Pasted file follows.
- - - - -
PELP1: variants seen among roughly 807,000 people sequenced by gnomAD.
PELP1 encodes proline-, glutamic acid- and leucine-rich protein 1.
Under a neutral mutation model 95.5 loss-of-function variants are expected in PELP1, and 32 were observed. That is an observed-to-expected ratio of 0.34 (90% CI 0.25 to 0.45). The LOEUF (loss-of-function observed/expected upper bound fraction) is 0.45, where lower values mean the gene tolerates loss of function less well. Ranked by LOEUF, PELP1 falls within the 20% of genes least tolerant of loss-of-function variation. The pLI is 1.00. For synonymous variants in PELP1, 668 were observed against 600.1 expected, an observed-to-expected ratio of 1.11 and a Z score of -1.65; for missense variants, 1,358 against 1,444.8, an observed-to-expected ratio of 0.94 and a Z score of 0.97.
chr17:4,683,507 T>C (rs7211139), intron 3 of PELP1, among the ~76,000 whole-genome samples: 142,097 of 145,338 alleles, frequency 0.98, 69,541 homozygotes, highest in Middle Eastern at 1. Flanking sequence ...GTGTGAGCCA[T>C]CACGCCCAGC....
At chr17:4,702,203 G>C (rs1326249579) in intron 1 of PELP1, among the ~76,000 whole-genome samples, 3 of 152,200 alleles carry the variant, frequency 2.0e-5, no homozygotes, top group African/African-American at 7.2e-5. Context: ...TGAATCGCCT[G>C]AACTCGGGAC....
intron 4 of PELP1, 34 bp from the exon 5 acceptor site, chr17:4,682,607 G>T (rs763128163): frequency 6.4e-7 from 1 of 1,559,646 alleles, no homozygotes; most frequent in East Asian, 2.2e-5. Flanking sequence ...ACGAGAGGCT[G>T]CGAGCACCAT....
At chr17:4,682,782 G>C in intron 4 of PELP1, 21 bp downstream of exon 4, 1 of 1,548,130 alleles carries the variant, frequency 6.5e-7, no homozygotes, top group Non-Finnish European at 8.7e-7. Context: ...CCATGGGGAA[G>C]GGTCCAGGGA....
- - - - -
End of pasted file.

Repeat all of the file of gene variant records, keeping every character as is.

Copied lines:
PELP1: variants seen among roughly 807,000 people sequenced by gnomAD.
PELP1 encodes proline-, glutamic acid- and leucine-rich protein 1.
Under a neutral mutation model 95.5 loss-of-function variants are expected in PELP1, and 32 were observed. That is an observed-to-expected ratio of 0.34 (90% CI 0.25 to 0.45). The LOEUF (loss-of-function observed/expected upper bound fraction) is 0.45, where lower values mean the gene tolerates loss of function less well. Ranked by LOEUF, PELP1 falls within the 20% of genes least tolerant of loss-of-function variation. The pLI is 1.00. For synonymous variants in PELP1, 668 were observed against 600.1 expected, an observed-to-expected ratio of 1.11 and a Z score of -1.65; for missense variants, 1,358 against 1,444.8, an observed-to-expected ratio of 0.94 and a Z score of 0.97.
chr17:4,683,507 T>C (rs7211139), intron 3 of PELP1, among the ~76,000 whole-genome samples: 142,097 of 145,338 alleles, frequency 0.98, 69,541 homozygotes, highest in Middle Eastern at 1. Flanking sequence ...GTGTGAGCCA[T>C]CACGCCCAGC....
At chr17:4,702,203 G>C (rs1326249579) in intron 1 of PELP1, among the ~76,000 whole-genome samples, 3 of 152,200 alleles carry the variant, frequency 2.0e-5, no homozygotes, top group African/African-American at 7.2e-5. Context: ...TGAATCGCCT[G>C]AACTCGGGAC....
intron 4 of PELP1, 34 bp from the exon 5 acceptor site, chr17:4,682,607 G>T (rs763128163): frequency 6.4e-7 from 1 of 1,559,646 alleles, no homozygotes; most frequent in East Asian, 2.2e-5. Flanking sequence ...ACGAGAGGCT[G>T]CGAGCACCAT....
At chr17:4,682,782 G>C in intron 4 of PELP1, 21 bp downstream of exon 4, 1 of 1,548,130 alleles carries the variant, frequency 6.5e-7, no homozygotes, top group Non-Finnish European at 8.7e-7. Context: ...CCATGGGGAA[G>C]GGTCCAGGGA....